Dazzle, Disruption and Concealment : The Science, Psychology and Art of Ship Camouflage

Dazzle, Disruption and Concealment : The Science, Psychology and Art of Ship Camouflage

The Trafalgar Chronicle - Dedicated to Naval History in the Nelson Era - Series 7

The Trafalgar Chronicle - Dedicated to Naval History in the Nelson Era - Series 7

Seaforth World Naval Review 2023

Conrad Waters

This year’s edition has a strong American emphasis with one of the Fleet Reviews dedicated to the US Navy, and the latest of the in-depth ‘Significant Ships’ series covering the US Navy’s iconic Nimitz class aircraft carriers, now approaching half a century of service. Other ‘Significant Ships’ include New Zealand’s new logistic support ship Aotearoa, and France’s Suffren class nuclear attack submarines. Technological subjects range from the currently very topical issue of Hypersonic Weapons by Norman Friedman to the Royal Navy’s Technological Transformation Programme, as well as David Hobbs’ regular review of naval aviation which this year takes in an anlysis of HMS Queen Elizabeth’s worldwide CSG21 deployment.
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For over a decade this annual has provided an authoritative summary of all that has happened in the naval world in the previous twelve months, combining regional surveys with one-off major articles on noteworthy new ships and other important developments. Besides the latest warship projects, it also looks at wider issues of significance to navies, such as aviation and weaponry, and calls on expertise from around the globe to give a balanced picture of what is going on and to interpret its significance. This year’s edition has a strong American emphasis with one of the Fleet Reviews dedicated to the US Navy, and the latest of the in-depth ‘Significant Ships’ series covering the US Navy’s iconic Nimitz class aircraft carriers, now approaching half a century of service. Other ‘Significant Ships’ include New Zealand’s new logistic support ship Aotearoa, and France’s Suffren class nuclear attack submarines. Technological subjects range from the currently very topical issue of Hypersonic Weapons by Norman Friedman to the Royal Navy’s Technological Transformation Programme, as well as David Hobbs’ regular review of naval aviation which this year takes in an anlysis of HMS Queen Elizabeth’s worldwide CSG21 deployment. Firmly established as the only annual naval overview of its type, World Naval Review is essential reading for anyone – whether enthusiast or professional – interested in contemporary maritime affairs.

ISBN: 9781399023078
Format: Hardback
Author(s): Conrad Waters
First Publishment Date: 21 December 2022
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Author(s) Conrad Waters
Customer Reviews
  1. Highly readable and informative, I cannot recommend it highly enough.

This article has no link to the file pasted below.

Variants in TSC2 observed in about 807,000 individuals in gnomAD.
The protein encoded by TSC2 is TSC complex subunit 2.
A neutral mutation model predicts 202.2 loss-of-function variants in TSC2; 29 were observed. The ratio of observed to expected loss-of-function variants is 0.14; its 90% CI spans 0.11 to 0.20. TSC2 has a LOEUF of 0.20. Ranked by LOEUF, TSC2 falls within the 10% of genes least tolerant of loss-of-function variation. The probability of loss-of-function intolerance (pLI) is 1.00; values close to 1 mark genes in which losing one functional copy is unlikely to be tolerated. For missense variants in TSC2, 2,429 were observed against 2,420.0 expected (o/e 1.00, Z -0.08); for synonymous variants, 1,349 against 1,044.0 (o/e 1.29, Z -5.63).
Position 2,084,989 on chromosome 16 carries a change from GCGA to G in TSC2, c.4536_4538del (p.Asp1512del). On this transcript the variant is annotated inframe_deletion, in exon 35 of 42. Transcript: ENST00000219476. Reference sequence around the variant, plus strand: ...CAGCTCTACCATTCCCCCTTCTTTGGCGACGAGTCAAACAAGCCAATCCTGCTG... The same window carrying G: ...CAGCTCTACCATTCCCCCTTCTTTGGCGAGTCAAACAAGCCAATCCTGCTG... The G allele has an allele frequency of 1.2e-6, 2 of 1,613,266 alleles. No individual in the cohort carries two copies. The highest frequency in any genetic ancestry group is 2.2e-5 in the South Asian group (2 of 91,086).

“ I am more afraid of our own mistakes than of our enemies designs” – this is indeed an appropriate quote (Pericles) Conrad Waters uses in the introduction to this new book that looks at the latest developments in warship design. In a year dominated by the war in Ukraine, one predominant feature has been the poor operational performance of the Russian Forces. The chapter on the naval aspects of the war in Ukraine points out that, while it has demonstrated the Russian Navy’s modernisation with the use of the Kalibr long-range missile, it has also shown up systemic weaknesses of a Navy still rooted in the Soviet Era, both in ships and manpower, epitomised by the loss of the Moskva. Geoffrey Till has commented that it will take the Russians years to “recover, both politically and militarily”. Currently comprising 298 ships (June 2022), it would be easy to think that the USN had no problems, but this is not the case. Budgetary issues associated with the planned reconfiguration for high intensity operations are a cause for concern, as are procurement and personnel issues, not least the large number of commanding officers relieved of their command. On the plus side, the Ford CVN has made her first overseas deployment, 70 Arleigh Burke-destroyers are in service and another 29 under construction, and 21 Virginia SSN are in service with another 17 under construction. Addressing the European Navies – the RN “jam tomorrow but never jam today” build programme also applies to the Netherlands – a key concern is whether the European shipbuilders can meet the growing requirement. A regional look at the Asia Pacific highlights the implications of Australia’s decision to go for SSNs, examines the Chinese navy, now the largest in the world as its strives to qualitatively improve, and reveals the aspirations of Indonesia to build a modern fleet. There are more in depth looks at the Vietnamese Navy “rapidly modernising to meet a complex and challenging maritime security environment”, and New Zealand’s new AOR Aotearoa, although New Zealand has major personnel problems and is currently unable to man a third of its fleet. The “Significant Ships” articles look at 50 years of the Nimitz Class, remarking that the 2 final ships of the Class will not be retired until nearly 100 years after initial design, a “notable achievement “ when looking at other more recent USN ships; somewhat tongue in cheek the Gibraltar Squadron Cutlass Class is also considered under the heading “Significant Ships”. An article on Naval Aviation includes coverage of the RN CSG 21 deployment and unmanned aircraft. Two further articles look to the future with a comprehensive and educational introduction into hypersonic missile technology and a thought provoking piece on how new technology will transform the RN. Conrad Waters is to be congratulated on this latest edition in this series of annual naval reviews that never fails to deliver a consistently high standard of authoritative articles from authors such as David Hobbs, Norman Friedman and Dr. James Bosbotinis. For anyone interested in current naval issues who can only afford one book – this has to be the book. Highly readable and informative, I cannot recommend it highly enough. Peter Wykeham-Martin